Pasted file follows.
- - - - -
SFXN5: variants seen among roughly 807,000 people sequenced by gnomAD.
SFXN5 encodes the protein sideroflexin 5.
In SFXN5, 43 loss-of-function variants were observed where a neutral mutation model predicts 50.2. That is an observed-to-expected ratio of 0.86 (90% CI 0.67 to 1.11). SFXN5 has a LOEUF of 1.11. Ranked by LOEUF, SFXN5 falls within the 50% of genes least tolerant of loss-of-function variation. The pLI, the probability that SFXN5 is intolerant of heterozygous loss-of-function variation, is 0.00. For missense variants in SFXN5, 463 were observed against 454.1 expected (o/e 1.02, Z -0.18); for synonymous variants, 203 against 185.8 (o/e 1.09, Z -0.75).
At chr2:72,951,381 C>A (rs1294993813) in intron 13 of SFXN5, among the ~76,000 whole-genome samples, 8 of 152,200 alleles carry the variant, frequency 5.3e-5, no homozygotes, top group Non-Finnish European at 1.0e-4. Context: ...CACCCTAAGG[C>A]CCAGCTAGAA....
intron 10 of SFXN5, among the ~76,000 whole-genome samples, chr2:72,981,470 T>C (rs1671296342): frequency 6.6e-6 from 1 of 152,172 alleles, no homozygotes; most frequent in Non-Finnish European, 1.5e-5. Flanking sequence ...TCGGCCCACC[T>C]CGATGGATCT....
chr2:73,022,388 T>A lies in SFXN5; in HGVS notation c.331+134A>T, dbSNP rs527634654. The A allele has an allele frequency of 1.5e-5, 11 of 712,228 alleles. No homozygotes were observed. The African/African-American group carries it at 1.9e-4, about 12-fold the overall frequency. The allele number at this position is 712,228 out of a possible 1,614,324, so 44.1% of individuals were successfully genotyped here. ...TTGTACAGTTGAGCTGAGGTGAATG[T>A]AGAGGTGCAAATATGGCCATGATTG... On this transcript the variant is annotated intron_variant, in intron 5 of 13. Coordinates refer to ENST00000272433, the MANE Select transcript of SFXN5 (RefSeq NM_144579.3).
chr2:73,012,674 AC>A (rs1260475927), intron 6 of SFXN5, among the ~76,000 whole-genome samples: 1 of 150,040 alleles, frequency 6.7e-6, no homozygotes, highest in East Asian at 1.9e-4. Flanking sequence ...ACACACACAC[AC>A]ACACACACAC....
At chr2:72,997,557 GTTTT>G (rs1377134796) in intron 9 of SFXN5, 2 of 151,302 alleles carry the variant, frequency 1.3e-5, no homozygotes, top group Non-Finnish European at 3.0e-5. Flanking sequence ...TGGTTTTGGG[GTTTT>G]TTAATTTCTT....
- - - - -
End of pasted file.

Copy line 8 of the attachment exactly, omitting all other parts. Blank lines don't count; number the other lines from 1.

At chr2:72,997,557 GTTTT>G (rs1377134796) in intron 9 of SFXN5, 2 of 151,302 alleles carry the variant, frequency 1.3e-5, no homozygotes, top group Non-Finnish European at 3.0e-5. Flanking sequence ...TGGTTTTGGG[GTTTT>G]TTAATTTCTT....